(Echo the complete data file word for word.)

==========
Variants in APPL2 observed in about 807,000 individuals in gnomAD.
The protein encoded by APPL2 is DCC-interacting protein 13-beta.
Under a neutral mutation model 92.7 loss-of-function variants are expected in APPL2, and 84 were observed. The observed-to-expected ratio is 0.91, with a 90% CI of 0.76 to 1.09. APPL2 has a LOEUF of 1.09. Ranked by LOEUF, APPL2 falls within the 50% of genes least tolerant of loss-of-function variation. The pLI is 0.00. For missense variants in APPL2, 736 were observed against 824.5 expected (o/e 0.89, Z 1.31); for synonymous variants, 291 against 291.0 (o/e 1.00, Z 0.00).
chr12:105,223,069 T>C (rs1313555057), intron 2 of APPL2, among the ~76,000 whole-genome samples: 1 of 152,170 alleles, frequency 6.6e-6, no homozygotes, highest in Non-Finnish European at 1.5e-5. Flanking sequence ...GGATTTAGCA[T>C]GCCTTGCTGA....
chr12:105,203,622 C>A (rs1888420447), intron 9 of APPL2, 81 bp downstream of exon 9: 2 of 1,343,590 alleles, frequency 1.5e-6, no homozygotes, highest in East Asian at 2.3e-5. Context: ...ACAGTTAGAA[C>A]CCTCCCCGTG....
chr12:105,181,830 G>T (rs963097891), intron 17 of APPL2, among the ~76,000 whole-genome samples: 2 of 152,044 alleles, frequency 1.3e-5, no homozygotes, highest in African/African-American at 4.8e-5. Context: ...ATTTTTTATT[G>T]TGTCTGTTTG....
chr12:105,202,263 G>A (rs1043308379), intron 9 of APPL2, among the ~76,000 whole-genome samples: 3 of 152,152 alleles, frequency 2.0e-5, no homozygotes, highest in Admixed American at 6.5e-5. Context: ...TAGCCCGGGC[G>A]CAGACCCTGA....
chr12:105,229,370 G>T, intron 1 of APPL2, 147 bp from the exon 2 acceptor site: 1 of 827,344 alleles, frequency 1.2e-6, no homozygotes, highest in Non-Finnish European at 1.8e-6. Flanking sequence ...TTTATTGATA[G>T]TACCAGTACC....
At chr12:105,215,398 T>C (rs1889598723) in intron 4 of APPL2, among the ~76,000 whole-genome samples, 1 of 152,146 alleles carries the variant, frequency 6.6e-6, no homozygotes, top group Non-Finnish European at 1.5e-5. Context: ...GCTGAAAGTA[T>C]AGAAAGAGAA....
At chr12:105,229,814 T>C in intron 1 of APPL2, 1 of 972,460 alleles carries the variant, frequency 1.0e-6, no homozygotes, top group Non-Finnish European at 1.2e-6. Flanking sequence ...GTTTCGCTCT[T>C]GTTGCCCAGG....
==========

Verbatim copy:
Variants in APPL2 observed in about 807,000 individuals in gnomAD.
The protein encoded by APPL2 is DCC-interacting protein 13-beta.
Under a neutral mutation model 92.7 loss-of-function variants are expected in APPL2, and 84 were observed. The observed-to-expected ratio is 0.91, with a 90% CI of 0.76 to 1.09. APPL2 has a LOEUF of 1.09. Ranked by LOEUF, APPL2 falls within the 50% of genes least tolerant of loss-of-function variation. The pLI is 0.00. For missense variants in APPL2, 736 were observed against 824.5 expected (o/e 0.89, Z 1.31); for synonymous variants, 291 against 291.0 (o/e 1.00, Z 0.00).
chr12:105,223,069 T>C (rs1313555057), intron 2 of APPL2, among the ~76,000 whole-genome samples: 1 of 152,170 alleles, frequency 6.6e-6, no homozygotes, highest in Non-Finnish European at 1.5e-5. Flanking sequence ...GGATTTAGCA[T>C]GCCTTGCTGA....
chr12:105,203,622 C>A (rs1888420447), intron 9 of APPL2, 81 bp downstream of exon 9: 2 of 1,343,590 alleles, frequency 1.5e-6, no homozygotes, highest in East Asian at 2.3e-5. Context: ...ACAGTTAGAA[C>A]CCTCCCCGTG....
chr12:105,181,830 G>T (rs963097891), intron 17 of APPL2, among the ~76,000 whole-genome samples: 2 of 152,044 alleles, frequency 1.3e-5, no homozygotes, highest in African/African-American at 4.8e-5. Context: ...ATTTTTTATT[G>T]TGTCTGTTTG....
chr12:105,202,263 G>A (rs1043308379), intron 9 of APPL2, among the ~76,000 whole-genome samples: 3 of 152,152 alleles, frequency 2.0e-5, no homozygotes, highest in Admixed American at 6.5e-5. Context: ...TAGCCCGGGC[G>A]CAGACCCTGA....
chr12:105,229,370 G>T, intron 1 of APPL2, 147 bp from the exon 2 acceptor site: 1 of 827,344 alleles, frequency 1.2e-6, no homozygotes, highest in Non-Finnish European at 1.8e-6. Flanking sequence ...TTTATTGATA[G>T]TACCAGTACC....
At chr12:105,215,398 T>C (rs1889598723) in intron 4 of APPL2, among the ~76,000 whole-genome samples, 1 of 152,146 alleles carries the variant, frequency 6.6e-6, no homozygotes, top group Non-Finnish European at 1.5e-5. Context: ...GCTGAAAGTA[T>C]AGAAAGAGAA....
At chr12:105,229,814 T>C in intron 1 of APPL2, 1 of 972,460 alleles carries the variant, frequency 1.0e-6, no homozygotes, top group Non-Finnish European at 1.2e-6. Flanking sequence ...GTTTCGCTCT[T>C]GTTGCCCAGG....